Aired on KSDS-FM on 3/10/17
RUN DATES: 2/23/17 – /19/17
VENUE: San Diego Repertory Theatre
Two authors meet-cute at a writer’s retreat in a secluded cabin. A Michigan blizzard conveniently guarantees that no one else will arrive.
He’s a 20-something, aggressive and seductive. She’s a decade older, dubious and wary. He’s a sleazy blogging phenom, whose exploits have led to a wildly successful, salacious book and movie deal. She’s still smarting from the marketing misstep that caused her dazzling first novel to tank.
But before you can say Joyce Carol Oates, the title delivers on its promise – though fortunately, not in plain sight.
“Sex with Strangers” is about a lot more than its name suggests. The 2011 comedy by Laura Eason, who’s a writer/producer on “House of Cards,” is certainly about the vagaries of the literary life. Moving on from failure – or success. Tangible vs. e-books. Ambition and ideals vs. compromise. But maybe most of all, it’s about identity – real and online, public and private.
Ethan has read Olivia’s book. He thinks it’s brilliant, and that in itself is an aphrodisiac. Olivia is extremely protective of her second novel, and won’t show it to anyone. But he wants to publish it electronically, to promote his blog and secure literary significance for both of them.
It looks like things are about to go seriously south. But what you expect doesn’t happen. And some of what does is unexpected.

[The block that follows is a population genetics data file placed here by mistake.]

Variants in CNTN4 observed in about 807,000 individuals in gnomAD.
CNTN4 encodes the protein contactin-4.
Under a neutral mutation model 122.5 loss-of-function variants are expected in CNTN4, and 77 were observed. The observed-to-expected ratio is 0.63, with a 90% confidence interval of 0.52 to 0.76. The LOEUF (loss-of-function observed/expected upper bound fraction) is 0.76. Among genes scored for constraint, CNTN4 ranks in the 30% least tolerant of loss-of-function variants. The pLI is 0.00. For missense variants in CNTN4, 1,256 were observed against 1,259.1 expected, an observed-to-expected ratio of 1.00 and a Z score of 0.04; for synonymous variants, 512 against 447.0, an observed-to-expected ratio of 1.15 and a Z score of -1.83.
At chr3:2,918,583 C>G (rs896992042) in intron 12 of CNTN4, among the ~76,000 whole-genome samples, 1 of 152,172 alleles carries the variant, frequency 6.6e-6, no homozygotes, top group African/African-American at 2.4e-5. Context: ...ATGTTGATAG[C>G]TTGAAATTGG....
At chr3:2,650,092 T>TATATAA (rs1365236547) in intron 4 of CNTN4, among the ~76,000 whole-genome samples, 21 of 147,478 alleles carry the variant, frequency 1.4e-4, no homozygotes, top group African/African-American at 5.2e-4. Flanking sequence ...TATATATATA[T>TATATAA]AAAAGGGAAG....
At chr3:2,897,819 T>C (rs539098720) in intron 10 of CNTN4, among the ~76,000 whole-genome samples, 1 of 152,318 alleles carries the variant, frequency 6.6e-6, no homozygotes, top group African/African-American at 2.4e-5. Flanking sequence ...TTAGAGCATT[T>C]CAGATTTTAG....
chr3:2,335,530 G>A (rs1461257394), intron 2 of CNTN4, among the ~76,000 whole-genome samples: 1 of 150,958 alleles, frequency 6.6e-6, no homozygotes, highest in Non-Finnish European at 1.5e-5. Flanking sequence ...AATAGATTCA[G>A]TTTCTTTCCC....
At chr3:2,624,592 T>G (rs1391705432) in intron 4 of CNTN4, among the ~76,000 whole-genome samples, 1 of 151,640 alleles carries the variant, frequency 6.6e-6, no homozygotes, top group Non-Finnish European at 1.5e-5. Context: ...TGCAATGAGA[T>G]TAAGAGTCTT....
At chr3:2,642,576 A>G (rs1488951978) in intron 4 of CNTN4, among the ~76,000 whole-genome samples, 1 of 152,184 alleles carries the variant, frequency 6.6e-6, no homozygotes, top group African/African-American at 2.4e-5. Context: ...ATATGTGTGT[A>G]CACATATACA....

This unpredictability keeps the play interesting. And the San Diego Rep production keeps us keenly engaged.
Director Delicia Turner Sonnenberg brings her prodigious wit, sensitivity and deep sense of character to the piece, which is enhanced by her dynamic cast, both doing their very best work.
Connor Sullivan, too often cast as the clueless nice-guy, has become the consummate ripped, macho, misogynistic Bad Boy, insufferable but irresistible. Lisel Gorell-Getz is smart and sassy but also vulnerable, wounded, self-protective … and ambitious. These are deliciously rich, detailed portrayals.
Brian Redfern’s set is a wonder, moving from cozy cabin to book-lover’s refuge. The lighting and sound provide excellent ambiance. There’s snow outside the window. But the heat inside is palpable. And the ambiguous ending leaves us, too, just a little bit breathless.
©2017 PAT LAUNER, San Diego Theater Reviews